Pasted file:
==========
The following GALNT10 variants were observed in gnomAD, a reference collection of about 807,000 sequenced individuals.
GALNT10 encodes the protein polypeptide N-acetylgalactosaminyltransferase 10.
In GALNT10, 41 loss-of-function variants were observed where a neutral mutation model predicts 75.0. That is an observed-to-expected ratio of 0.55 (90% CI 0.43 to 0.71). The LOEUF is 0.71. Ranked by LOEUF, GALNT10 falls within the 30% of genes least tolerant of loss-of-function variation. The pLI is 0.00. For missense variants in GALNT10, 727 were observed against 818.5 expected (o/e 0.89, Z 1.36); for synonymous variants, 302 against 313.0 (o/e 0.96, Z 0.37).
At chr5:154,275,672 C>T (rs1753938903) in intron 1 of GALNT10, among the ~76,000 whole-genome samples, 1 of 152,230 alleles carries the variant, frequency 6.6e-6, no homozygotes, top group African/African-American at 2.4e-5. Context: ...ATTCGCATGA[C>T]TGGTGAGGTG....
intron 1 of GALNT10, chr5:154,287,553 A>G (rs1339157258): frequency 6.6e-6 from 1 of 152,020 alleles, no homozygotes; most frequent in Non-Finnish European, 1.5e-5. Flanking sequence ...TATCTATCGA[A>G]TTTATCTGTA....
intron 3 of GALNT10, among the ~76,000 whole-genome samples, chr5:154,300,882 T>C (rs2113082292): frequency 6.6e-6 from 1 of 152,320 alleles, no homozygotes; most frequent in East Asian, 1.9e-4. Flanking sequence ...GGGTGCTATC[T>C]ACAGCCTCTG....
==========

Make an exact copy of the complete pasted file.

The following GALNT10 variants were observed in gnomAD, a reference collection of about 807,000 sequenced individuals.
GALNT10 encodes the protein polypeptide N-acetylgalactosaminyltransferase 10.
In GALNT10, 41 loss-of-function variants were observed where a neutral mutation model predicts 75.0. That is an observed-to-expected ratio of 0.55 (90% CI 0.43 to 0.71). The LOEUF is 0.71. Ranked by LOEUF, GALNT10 falls within the 30% of genes least tolerant of loss-of-function variation. The pLI is 0.00. For missense variants in GALNT10, 727 were observed against 818.5 expected (o/e 0.89, Z 1.36); for synonymous variants, 302 against 313.0 (o/e 0.96, Z 0.37).
At chr5:154,275,672 C>T (rs1753938903) in intron 1 of GALNT10, among the ~76,000 whole-genome samples, 1 of 152,230 alleles carries the variant, frequency 6.6e-6, no homozygotes, top group African/African-American at 2.4e-5. Context: ...ATTCGCATGA[C>T]TGGTGAGGTG....
intron 1 of GALNT10, chr5:154,287,553 A>G (rs1339157258): frequency 6.6e-6 from 1 of 152,020 alleles, no homozygotes; most frequent in Non-Finnish European, 1.5e-5. Flanking sequence ...TATCTATCGA[A>G]TTTATCTGTA....
intron 3 of GALNT10, among the ~76,000 whole-genome samples, chr5:154,300,882 T>C (rs2113082292): frequency 6.6e-6 from 1 of 152,320 alleles, no homozygotes; most frequent in East Asian, 1.9e-4. Flanking sequence ...GGGTGCTATC[T>C]ACAGCCTCTG....